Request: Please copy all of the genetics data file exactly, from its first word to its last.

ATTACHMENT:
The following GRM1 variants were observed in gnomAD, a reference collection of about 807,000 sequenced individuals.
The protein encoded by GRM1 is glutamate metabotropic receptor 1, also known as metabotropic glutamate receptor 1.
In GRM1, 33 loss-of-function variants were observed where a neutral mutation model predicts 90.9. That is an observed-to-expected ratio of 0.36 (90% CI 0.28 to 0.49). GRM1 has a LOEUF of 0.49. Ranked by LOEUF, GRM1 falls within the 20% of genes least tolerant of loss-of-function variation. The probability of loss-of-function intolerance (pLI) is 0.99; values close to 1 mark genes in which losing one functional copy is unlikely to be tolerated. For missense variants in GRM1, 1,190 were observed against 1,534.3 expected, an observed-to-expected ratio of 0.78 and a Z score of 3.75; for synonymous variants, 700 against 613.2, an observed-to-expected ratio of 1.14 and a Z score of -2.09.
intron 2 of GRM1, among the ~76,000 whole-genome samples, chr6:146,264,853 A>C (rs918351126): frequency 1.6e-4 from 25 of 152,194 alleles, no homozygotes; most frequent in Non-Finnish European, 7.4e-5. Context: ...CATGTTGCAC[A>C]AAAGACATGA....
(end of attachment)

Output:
The following GRM1 variants were observed in gnomAD, a reference collection of about 807,000 sequenced individuals.
The protein encoded by GRM1 is glutamate metabotropic receptor 1, also known as metabotropic glutamate receptor 1.
In GRM1, 33 loss-of-function variants were observed where a neutral mutation model predicts 90.9. That is an observed-to-expected ratio of 0.36 (90% CI 0.28 to 0.49). GRM1 has a LOEUF of 0.49. Ranked by LOEUF, GRM1 falls within the 20% of genes least tolerant of loss-of-function variation. The probability of loss-of-function intolerance (pLI) is 0.99; values close to 1 mark genes in which losing one functional copy is unlikely to be tolerated. For missense variants in GRM1, 1,190 were observed against 1,534.3 expected, an observed-to-expected ratio of 0.78 and a Z score of 3.75; for synonymous variants, 700 against 613.2, an observed-to-expected ratio of 1.14 and a Z score of -2.09.
intron 2 of GRM1, among the ~76,000 whole-genome samples, chr6:146,264,853 A>C (rs918351126): frequency 1.6e-4 from 25 of 152,194 alleles, no homozygotes; most frequent in Non-Finnish European, 7.4e-5. Context: ...CATGTTGCAC[A>C]AAAGACATGA....